Collecting Statistics

The XSS vulnerability can be exploited for collecting statistics about the visitors of vulnerable pages. Here, I primarily mean the XSS vulnerability of the first type, in which unfiltered data are displayed to third-party users.

In the simplest case, an attacker doesn't need the vulnerability. He or she would be satisfied if the system allowed its users to insert images from other servers into their messages. The attacker would simply insert images located on a server under his or her control. When an image is requested from that server, it will execute malicious code (in PHP or Perl), saving some statistical data and sending back an appropriate header and the image. Thus, statistics will be collected transparently for the system and its users.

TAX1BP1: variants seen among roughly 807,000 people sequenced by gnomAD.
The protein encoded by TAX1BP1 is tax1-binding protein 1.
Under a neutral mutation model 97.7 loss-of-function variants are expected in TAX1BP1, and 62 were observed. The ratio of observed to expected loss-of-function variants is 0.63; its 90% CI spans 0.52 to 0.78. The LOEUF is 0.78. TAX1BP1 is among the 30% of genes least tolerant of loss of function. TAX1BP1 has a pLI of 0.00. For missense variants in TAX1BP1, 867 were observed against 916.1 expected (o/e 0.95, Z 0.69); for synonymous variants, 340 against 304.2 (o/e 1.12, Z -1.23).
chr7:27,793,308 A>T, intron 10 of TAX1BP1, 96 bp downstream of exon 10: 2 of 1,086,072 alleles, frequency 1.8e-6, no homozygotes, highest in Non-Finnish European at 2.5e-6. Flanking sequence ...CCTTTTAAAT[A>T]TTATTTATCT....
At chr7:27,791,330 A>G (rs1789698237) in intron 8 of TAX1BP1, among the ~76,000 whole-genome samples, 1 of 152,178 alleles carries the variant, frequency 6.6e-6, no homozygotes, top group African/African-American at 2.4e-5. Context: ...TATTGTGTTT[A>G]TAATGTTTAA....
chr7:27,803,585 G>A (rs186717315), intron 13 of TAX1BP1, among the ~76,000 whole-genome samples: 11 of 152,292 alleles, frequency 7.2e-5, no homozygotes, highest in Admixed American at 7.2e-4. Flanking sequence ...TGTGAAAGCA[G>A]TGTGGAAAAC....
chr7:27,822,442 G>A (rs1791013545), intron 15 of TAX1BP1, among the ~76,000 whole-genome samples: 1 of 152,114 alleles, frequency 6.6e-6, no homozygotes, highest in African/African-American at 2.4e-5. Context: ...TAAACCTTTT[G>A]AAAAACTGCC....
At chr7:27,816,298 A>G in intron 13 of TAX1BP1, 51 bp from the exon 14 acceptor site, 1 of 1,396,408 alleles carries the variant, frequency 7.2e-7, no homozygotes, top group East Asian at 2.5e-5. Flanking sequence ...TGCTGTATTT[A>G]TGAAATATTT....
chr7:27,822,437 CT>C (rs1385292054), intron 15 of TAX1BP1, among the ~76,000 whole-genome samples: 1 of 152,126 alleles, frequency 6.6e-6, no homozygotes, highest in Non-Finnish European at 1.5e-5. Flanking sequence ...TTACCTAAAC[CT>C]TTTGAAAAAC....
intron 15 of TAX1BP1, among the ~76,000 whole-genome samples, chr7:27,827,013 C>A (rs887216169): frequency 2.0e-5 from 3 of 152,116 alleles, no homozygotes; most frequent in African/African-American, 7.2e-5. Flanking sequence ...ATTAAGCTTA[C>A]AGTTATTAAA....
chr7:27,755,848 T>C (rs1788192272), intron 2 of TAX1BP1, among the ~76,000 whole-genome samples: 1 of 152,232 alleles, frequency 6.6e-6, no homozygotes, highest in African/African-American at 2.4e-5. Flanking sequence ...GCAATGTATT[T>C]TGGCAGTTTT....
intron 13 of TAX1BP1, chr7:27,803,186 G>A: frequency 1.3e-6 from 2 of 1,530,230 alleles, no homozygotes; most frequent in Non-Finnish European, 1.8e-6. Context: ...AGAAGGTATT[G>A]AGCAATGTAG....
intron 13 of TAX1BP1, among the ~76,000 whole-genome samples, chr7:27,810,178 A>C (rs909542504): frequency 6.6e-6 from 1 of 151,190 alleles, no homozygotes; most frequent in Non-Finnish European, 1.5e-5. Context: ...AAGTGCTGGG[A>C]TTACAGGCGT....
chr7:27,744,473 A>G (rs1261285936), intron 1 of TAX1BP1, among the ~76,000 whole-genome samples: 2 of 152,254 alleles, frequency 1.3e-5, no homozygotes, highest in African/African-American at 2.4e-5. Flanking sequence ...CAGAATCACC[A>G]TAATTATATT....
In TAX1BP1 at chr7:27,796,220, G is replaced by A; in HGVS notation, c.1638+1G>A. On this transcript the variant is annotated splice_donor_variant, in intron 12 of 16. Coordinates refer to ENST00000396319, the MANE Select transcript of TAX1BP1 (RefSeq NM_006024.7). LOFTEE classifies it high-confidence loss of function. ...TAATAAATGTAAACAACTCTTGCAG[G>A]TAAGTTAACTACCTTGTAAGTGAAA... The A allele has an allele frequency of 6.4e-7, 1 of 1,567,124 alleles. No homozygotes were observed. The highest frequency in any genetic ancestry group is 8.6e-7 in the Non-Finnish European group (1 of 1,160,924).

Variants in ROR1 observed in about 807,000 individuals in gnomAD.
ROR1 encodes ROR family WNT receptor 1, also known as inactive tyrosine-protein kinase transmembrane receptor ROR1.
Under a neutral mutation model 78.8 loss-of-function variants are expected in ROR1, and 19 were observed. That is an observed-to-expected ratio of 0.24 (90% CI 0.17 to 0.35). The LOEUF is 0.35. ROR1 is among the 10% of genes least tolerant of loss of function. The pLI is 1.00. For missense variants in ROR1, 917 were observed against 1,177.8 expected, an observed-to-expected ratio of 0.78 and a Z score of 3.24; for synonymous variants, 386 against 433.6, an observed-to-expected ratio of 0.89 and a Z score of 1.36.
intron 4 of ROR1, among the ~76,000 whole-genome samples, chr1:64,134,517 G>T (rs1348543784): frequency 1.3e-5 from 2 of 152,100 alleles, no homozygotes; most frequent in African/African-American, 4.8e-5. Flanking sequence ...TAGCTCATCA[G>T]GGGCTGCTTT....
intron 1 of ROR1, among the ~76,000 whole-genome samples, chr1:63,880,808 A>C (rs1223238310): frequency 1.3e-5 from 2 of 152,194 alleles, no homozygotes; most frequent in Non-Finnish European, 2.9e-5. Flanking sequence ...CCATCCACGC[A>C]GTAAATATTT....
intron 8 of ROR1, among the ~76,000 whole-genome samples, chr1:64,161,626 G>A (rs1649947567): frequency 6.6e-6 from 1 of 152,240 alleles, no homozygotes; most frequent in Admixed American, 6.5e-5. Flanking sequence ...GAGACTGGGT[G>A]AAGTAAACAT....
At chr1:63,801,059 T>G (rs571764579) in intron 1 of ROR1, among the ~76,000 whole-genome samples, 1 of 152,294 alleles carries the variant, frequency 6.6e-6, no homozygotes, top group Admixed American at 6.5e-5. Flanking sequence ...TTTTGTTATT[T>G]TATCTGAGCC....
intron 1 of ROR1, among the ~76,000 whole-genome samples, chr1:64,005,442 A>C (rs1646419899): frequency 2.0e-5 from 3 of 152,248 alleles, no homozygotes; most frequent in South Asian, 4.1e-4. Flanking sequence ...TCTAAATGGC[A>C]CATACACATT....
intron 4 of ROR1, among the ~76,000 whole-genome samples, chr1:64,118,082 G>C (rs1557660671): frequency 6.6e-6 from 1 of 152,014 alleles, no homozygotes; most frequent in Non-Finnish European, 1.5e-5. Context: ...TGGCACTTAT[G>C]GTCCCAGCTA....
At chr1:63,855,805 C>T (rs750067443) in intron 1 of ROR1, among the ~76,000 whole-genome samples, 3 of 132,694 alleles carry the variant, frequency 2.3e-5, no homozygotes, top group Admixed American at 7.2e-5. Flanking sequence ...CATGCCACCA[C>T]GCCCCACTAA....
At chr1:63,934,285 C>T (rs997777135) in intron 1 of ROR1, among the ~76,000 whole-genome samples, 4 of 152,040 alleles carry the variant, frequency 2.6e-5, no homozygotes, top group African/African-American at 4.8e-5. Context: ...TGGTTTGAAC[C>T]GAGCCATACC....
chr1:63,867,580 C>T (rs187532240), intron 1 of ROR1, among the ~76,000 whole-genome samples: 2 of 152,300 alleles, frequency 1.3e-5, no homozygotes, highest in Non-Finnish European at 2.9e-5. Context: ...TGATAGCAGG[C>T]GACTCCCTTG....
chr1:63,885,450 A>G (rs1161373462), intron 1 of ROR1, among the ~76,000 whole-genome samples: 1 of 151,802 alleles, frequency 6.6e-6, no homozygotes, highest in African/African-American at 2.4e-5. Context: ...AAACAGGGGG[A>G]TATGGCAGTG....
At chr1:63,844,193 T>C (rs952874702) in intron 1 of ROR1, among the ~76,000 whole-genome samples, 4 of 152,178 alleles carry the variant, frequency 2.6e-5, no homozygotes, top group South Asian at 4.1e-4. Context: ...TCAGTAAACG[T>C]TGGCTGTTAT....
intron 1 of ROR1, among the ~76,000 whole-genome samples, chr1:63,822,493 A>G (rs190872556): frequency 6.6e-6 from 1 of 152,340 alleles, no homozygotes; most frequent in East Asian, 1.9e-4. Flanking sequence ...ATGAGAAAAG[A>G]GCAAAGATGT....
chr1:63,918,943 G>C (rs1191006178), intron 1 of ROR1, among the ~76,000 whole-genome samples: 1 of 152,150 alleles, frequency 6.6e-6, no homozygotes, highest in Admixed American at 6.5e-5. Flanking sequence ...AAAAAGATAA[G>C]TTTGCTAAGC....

Such statistics can be collected in forums and chats that allow participants to insert images into their messages. Statistics can be collected in the following elements that are of interest to the attacker:

  • IP addresses of visitors. Even when the system (a forum or a chat) doesn't show their IP addresses, the attacker can find out them. In addition, if a user doesn't visit the system through an anonymous proxy server, the attacker can obtain this user 's actual IP address.

  • The time of visits . In addition to IP addresses, the attacker can collect the times, at which users visit the system. This can allow the attacker to find out which user owns a certain IP address.